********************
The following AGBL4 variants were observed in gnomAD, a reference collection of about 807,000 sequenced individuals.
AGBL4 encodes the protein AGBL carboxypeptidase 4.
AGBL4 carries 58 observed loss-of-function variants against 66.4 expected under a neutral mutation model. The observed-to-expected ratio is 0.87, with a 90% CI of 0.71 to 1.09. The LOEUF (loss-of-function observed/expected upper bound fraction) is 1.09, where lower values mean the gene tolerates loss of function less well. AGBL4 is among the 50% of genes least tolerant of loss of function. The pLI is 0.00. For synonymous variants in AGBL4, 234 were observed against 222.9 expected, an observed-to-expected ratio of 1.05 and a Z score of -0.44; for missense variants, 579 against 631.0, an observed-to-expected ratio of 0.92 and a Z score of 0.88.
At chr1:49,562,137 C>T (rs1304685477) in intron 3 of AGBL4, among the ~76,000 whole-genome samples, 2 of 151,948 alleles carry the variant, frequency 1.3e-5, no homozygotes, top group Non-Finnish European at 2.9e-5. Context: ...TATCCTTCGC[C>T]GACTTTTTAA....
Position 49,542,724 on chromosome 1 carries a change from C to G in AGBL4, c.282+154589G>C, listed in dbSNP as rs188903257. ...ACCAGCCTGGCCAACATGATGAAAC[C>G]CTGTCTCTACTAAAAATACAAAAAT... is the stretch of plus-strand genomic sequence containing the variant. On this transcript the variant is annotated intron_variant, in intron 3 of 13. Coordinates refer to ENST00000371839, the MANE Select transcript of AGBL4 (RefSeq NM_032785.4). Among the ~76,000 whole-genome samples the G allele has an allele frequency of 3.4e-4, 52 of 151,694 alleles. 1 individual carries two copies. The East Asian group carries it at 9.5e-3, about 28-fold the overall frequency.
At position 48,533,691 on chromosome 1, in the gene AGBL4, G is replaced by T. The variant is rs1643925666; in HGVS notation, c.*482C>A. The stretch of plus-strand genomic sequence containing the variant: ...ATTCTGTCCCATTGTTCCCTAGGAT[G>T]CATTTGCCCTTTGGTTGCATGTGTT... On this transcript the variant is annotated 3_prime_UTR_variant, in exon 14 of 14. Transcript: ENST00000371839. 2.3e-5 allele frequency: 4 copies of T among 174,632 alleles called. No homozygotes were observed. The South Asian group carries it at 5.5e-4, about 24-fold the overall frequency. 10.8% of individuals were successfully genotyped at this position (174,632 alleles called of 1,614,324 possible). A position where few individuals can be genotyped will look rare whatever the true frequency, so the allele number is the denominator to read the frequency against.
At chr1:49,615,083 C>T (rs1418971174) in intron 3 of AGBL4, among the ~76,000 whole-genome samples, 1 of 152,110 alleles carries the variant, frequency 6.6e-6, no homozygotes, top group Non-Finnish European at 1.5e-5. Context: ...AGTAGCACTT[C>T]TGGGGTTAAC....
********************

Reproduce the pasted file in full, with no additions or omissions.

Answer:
The following AGBL4 variants were observed in gnomAD, a reference collection of about 807,000 sequenced individuals.
AGBL4 encodes the protein AGBL carboxypeptidase 4.
AGBL4 carries 58 observed loss-of-function variants against 66.4 expected under a neutral mutation model. The observed-to-expected ratio is 0.87, with a 90% CI of 0.71 to 1.09. The LOEUF (loss-of-function observed/expected upper bound fraction) is 1.09, where lower values mean the gene tolerates loss of function less well. AGBL4 is among the 50% of genes least tolerant of loss of function. The pLI is 0.00. For synonymous variants in AGBL4, 234 were observed against 222.9 expected, an observed-to-expected ratio of 1.05 and a Z score of -0.44; for missense variants, 579 against 631.0, an observed-to-expected ratio of 0.92 and a Z score of 0.88.
At chr1:49,562,137 C>T (rs1304685477) in intron 3 of AGBL4, among the ~76,000 whole-genome samples, 2 of 151,948 alleles carry the variant, frequency 1.3e-5, no homozygotes, top group Non-Finnish European at 2.9e-5. Context: ...TATCCTTCGC[C>T]GACTTTTTAA....
Position 49,542,724 on chromosome 1 carries a change from C to G in AGBL4, c.282+154589G>C, listed in dbSNP as rs188903257. ...ACCAGCCTGGCCAACATGATGAAAC[C>G]CTGTCTCTACTAAAAATACAAAAAT... is the stretch of plus-strand genomic sequence containing the variant. On this transcript the variant is annotated intron_variant, in intron 3 of 13. Coordinates refer to ENST00000371839, the MANE Select transcript of AGBL4 (RefSeq NM_032785.4). Among the ~76,000 whole-genome samples the G allele has an allele frequency of 3.4e-4, 52 of 151,694 alleles. 1 individual carries two copies. The East Asian group carries it at 9.5e-3, about 28-fold the overall frequency.
At position 48,533,691 on chromosome 1, in the gene AGBL4, G is replaced by T. The variant is rs1643925666; in HGVS notation, c.*482C>A. The stretch of plus-strand genomic sequence containing the variant: ...ATTCTGTCCCATTGTTCCCTAGGAT[G>T]CATTTGCCCTTTGGTTGCATGTGTT... On this transcript the variant is annotated 3_prime_UTR_variant, in exon 14 of 14. Transcript: ENST00000371839. 2.3e-5 allele frequency: 4 copies of T among 174,632 alleles called. No homozygotes were observed. The South Asian group carries it at 5.5e-4, about 24-fold the overall frequency. 10.8% of individuals were successfully genotyped at this position (174,632 alleles called of 1,614,324 possible). A position where few individuals can be genotyped will look rare whatever the true frequency, so the allele number is the denominator to read the frequency against.
At chr1:49,615,083 C>T (rs1418971174) in intron 3 of AGBL4, among the ~76,000 whole-genome samples, 1 of 152,110 alleles carries the variant, frequency 6.6e-6, no homozygotes, top group Non-Finnish European at 1.5e-5. Context: ...AGTAGCACTT[C>T]TGGGGTTAAC....